The "Crown Hotel" was built around 1760 and is characteristic of this period. In its heyday, 1850 to 1892 it became one of the best known hotels in the country, not only for the excellent quality of its beer and spirits, but also because the proprietor, George Jacobs, was not only a publican, but also a reputable horse breeder and dealer.
Providing stabling accommodation at the Crown for about 200 horses and another 150 at the west end of the town, made him one of the largest horse breeders and dealers in Britain. He was reputed to have started his dealing business by buying and selling a donkey. He had his own blacksmiths shop adjoining the stables at the Crown and employed some twenty hostlers, also his own horse doctor, or veterinary surgeon, as he would be known today.
Customers came from all over England as well as abroad and included the King's of Austria and Italy.
During the latter part of his life, when he was confined to bed, he decided to "run down" the number of horses and it is said that he disposed of most of them to visiting customers by having a hostler run a horse up and down the High Street a few times which enabled him to assess its value from the sound of its trotting which he could hear plainly through the open bedroom window. Hav ing reduced his numbers to sixty-six in this way, the finest of his famous stud of Carriage Horses and Norfolk Hackneys were sold by auction at the Crown Hotel on Wednesday 6th April 1892 as will be seen from a few extracts of the sale catalogue. It will be noted that 34 of them were bred by himself from selected mares and a few of the others were bred by another reputable horse breeder, William Welsher, who farmed at Carbrooke, Griston and Watton.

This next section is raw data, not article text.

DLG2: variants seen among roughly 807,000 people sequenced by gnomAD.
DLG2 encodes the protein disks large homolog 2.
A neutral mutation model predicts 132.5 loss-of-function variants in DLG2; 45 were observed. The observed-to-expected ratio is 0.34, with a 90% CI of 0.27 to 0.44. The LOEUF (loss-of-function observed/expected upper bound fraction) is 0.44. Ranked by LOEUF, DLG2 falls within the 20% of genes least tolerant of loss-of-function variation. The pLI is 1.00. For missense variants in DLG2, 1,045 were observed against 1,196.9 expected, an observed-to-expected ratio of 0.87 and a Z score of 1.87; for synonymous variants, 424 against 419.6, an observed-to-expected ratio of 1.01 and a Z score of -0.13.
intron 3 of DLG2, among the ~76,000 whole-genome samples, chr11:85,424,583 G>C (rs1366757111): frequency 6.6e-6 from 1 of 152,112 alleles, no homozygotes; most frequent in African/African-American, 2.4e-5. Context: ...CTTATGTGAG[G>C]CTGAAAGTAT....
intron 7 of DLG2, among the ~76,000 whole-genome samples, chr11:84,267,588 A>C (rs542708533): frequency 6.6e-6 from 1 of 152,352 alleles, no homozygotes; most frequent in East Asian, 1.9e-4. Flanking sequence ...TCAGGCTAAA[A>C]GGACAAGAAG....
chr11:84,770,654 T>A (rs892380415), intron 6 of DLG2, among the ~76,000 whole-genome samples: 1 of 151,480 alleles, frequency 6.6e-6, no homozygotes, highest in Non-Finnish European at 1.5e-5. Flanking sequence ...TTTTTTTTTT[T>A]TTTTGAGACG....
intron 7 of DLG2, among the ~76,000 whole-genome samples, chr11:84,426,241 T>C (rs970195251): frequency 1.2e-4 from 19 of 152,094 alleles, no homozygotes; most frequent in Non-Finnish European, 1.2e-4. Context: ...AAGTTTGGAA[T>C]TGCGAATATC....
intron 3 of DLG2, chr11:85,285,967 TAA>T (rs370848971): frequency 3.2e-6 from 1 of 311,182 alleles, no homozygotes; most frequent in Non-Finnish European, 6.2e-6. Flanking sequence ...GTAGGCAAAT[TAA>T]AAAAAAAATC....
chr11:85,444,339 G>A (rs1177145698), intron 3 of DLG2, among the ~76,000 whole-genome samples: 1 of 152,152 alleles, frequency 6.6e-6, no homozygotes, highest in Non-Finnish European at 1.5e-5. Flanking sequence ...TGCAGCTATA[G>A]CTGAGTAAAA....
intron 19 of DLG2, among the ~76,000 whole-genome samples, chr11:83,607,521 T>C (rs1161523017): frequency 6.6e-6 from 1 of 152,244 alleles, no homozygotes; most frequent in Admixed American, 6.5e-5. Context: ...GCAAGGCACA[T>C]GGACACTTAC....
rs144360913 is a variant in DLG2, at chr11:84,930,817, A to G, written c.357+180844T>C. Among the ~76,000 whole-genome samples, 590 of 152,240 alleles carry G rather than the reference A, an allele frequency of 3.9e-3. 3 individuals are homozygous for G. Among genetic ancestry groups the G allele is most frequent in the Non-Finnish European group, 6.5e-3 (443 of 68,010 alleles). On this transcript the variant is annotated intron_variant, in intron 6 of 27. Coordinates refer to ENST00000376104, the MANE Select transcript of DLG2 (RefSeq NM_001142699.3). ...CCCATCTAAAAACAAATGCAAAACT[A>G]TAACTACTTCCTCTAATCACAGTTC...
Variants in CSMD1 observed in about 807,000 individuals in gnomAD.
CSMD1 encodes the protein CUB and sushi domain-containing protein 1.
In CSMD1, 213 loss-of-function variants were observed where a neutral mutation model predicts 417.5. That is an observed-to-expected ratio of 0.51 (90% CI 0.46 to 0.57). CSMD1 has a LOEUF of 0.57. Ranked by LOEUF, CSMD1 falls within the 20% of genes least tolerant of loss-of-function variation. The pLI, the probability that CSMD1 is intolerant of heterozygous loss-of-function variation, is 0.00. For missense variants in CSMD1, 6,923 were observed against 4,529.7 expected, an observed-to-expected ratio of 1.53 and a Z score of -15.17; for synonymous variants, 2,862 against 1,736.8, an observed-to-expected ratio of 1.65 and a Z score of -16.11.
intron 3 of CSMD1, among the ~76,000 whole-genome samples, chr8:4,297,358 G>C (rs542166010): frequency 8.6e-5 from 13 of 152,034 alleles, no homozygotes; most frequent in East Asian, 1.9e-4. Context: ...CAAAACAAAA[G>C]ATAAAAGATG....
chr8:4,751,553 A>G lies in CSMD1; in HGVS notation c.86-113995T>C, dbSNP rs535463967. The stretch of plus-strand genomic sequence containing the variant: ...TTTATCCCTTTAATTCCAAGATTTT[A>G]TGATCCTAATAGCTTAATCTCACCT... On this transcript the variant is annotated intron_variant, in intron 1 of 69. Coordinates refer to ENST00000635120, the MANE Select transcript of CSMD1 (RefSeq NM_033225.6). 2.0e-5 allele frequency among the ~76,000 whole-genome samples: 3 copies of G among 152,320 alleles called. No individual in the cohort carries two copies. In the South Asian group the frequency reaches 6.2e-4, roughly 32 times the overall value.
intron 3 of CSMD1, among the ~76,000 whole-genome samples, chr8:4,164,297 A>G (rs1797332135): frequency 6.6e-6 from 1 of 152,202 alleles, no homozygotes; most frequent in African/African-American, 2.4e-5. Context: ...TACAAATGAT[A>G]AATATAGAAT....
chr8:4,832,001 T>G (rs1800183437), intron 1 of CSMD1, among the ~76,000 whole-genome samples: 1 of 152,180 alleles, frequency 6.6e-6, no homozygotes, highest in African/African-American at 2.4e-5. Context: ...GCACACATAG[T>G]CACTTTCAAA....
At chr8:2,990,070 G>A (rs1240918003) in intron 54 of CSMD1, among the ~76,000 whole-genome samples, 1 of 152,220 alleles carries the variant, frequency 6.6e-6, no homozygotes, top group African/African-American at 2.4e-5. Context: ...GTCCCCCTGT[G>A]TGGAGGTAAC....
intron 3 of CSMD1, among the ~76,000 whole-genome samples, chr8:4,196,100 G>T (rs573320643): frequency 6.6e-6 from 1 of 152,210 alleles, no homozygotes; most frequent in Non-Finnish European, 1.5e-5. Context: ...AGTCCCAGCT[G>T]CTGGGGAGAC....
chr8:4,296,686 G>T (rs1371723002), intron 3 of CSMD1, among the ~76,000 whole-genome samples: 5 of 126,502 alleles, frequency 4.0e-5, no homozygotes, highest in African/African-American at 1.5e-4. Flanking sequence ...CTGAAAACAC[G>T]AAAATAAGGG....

The Great Eastern Railway advertised a train service in the sale catalogue from Liverpool Street, Doncaster, Lincoln, Norwich, Cambridge and Newmarket.
George Jacobs, the well known Horse Breeder
and Landlord of the Crown Hotel with his wife and 1885.
After the First World War the Crown entered a new phase in it's long history when R. G. Holmes converted part of the stables into the first garage in the town for selling and repairing motor cars. This was opened in August 1919 and for the next decade it was the largest garage in the district. A new wing was added to the hotel about 1330, making it by far the largest in the town. Following the death of Richard Holmes Junior, the hotel was sold and on 1st July 1949 a disastrous fire gutted much of the building and despite the efforts of three fire brigades every window facing the street was shattered and the roof was open to the sky. Fortunately, no one was injured, but many escaped in the nick of time and lost all their personal belongings.
A few years later the car show room, facing the street, was converted into a cafe, but after a few more years this also was destroyed by fire. It then stood derelict for many years, creating an eyesore in the town centre until it was demolishe d completely. This site now forms part of the imposing approach to the new International Stores and King's Chemist Shop.